Ukraine Versus Russia.

Written in response to: Write a story about someone forced out of their home.... view prompt


Kids Sad

(This is a real problem these days. I am so sorry for the Ukrainian people, and honestly, horrified for the terrible things happening. I am so grateful for the people who are taking them in. I am especially grateful for the people who are helping out the children. Thank you for all of your help, and I am sure these kids are so grateful for you. I heard about those who had been taken in by an adult who had an empty house in a poor village. I dedicated this story to him. Thank you so much. You are a real-life hero. Thank you so much, you have made such a difference.)

I am four years old. Recently, only a couple weeks ago, my dad and my mom said that my mom and I were going on vacation. My dad said he wasn't coming back. My mom and I walked for a few days before I came to a village. My mom started crying and told me to wait for her here. She said she would be back soon. "Stay in the village, ok? Don't go with strangers. I love you. Stay brave." I smiled and nodded. Anything for my mother. Soon, it was night. It became apparent all too fast that she was not going to come back. I went and spent the night in the park, and I slept soundly. I woke up crying. My mother was still not back.

I went door to door asking for food. No one let me in after I explained. They didn't really do anything, as sorry as some of them looked. But I knocked on the door of a scary, unkept-looking house. Well, most of them were unkempt, but this one was the most unkept of all the ones I had come across. An older man opened the door. He grunted. He looked like a man who you did not want to cross. I felt honestly scared of him. You would to if a giant man in underwear and a white shirt came to the door with a grunt. He asked me why I was here. I put on my little speel, but halfway through I started crying. I realized my mom still had not come back. Her words to stay brave. But how do you stay brave when you don't have your parents anymore? Do they remember I am here? Did my mother look for me?

The man let me in. He gave me some of his breakfast and comfort. He made me feel safe. His name was Samuel, but I could call him Sam. Sam also had no family left. He said that he was so sorry. He asked me where I used to live. I told him Ukraine and his face darkened. He told me why we went on so-called "vacation." My dad had to stay in Ukraine to fight in the war. I had to be separated from my mother, as she couldn't stay with me at the refugee camp. I was too little to walk to the nearest one. He told me that I could stay with him as long as it took for the war to pass so I can find my mother. He gave me my own room and food. He got me clothes, which I did not have, and entertainment. Which was mostly the news and a few old toys.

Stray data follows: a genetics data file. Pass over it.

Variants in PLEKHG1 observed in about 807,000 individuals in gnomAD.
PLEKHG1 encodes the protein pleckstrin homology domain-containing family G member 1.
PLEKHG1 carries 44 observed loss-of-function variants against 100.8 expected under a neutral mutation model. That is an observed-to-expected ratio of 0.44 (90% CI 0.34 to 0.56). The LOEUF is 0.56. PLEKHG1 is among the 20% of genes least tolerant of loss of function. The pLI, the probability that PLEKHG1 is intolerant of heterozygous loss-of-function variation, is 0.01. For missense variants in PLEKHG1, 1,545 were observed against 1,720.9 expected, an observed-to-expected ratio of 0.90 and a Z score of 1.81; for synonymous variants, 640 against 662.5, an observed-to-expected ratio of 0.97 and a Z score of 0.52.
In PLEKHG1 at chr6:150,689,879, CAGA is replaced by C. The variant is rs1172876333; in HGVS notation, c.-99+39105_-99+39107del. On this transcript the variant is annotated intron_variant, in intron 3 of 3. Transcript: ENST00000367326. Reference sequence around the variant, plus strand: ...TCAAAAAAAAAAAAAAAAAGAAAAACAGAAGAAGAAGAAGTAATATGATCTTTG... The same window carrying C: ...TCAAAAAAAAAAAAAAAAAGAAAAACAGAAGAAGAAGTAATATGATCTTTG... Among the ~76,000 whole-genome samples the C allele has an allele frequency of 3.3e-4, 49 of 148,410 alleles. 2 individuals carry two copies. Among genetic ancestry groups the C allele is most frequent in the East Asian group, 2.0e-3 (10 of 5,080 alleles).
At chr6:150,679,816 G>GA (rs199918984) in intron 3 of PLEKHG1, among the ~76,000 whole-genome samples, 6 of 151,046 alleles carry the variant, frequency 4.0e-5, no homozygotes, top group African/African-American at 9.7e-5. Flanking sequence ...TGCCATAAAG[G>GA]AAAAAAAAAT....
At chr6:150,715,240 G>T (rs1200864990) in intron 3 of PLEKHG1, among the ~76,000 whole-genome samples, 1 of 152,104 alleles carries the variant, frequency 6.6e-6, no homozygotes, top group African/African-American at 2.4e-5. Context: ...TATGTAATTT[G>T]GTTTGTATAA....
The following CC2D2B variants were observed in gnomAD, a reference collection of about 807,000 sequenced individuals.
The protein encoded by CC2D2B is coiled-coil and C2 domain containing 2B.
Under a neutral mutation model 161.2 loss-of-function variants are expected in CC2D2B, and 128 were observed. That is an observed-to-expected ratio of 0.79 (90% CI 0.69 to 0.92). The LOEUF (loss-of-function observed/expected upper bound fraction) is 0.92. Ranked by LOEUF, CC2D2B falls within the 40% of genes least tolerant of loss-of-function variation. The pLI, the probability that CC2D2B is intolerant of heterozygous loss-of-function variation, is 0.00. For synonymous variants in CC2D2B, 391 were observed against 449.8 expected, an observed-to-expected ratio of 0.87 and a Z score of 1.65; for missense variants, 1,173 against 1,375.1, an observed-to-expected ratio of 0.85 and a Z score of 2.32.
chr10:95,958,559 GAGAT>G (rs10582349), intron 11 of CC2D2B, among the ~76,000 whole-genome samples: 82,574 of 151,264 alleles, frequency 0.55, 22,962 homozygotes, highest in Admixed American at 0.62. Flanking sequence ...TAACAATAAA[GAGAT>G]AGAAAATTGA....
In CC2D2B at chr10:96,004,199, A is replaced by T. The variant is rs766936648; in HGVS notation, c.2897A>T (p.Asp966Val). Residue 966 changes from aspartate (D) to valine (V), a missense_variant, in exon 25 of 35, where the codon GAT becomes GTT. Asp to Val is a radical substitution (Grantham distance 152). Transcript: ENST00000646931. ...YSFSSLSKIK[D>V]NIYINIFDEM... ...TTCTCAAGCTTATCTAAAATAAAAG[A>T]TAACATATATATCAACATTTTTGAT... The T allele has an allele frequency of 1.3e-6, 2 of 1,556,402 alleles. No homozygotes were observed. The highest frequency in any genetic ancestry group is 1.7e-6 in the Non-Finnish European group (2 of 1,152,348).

It wasn't long before there was another little boy, who Sam also took in. And then more children, and before we knew it, there were nine of us. Sam started to play with us, debate meals, and do other things. We shared clothes, rooms, and toys. Sam started to become like our grandfathers. We called him Pop-pop instead of Sam and crowned him our king. We made him a paper crown he wears in the playroom. One day, weird people came into the house. They asked Pop-pop some questions about us and then asked us about how we felt about living with him. We told them all about what a savior he was to us, and how much we loved to be with him. Even though we missed our families very much, Pop-pop was there for us. Soon the people left, and we saw ourselves on television. We got letters about gratefulness toward Pop-pop for taking us in, and the town got more funding. (The town was very pleased by this, and took in a couple of children as well.)

And Pop-pop got some money for himself to pay for all of us. We got some better clothes, meals, bedroom equipment, and toys. I am so grateful for Pop-pop. It's like he brought us all together to make one big happy family. Once my mother comes back for me, I will have her meet Pop-pop. Once I see my father again, I will tell him of all my adventures of living away. I can't wait to see them again, as I miss them dearly. But living here with Pop-pop isn't terrible. I like it here. I am proud my father is fighting for my mother and me. I am proud my mother was able to think of a plan to keep herself and be safe while the war rages on. Every day I fear a little more than my dad might be dead. But Pop-pop tells us to be brave because that's what our parents are. He makes living here good. It may not be ideal, but this is it for now.

Please let the war end. I, and Pop-pop for that matter. All the children who were here before in the town and now, are begging the person who has caused this war to end. We want our families. We like living here, but we still do miss our parents. Please let the war end. We don't want anyone to get hurt or sick. Please let it all be over with, so that we can all go back to our lives and be happy once more. I am begging you. I don't want my daddy to die because of a war, or my mom to forget me or where she left me because we got separated. The chances of her finding me are so small. Let it end before it's too late?

March 11, 2022 22:09

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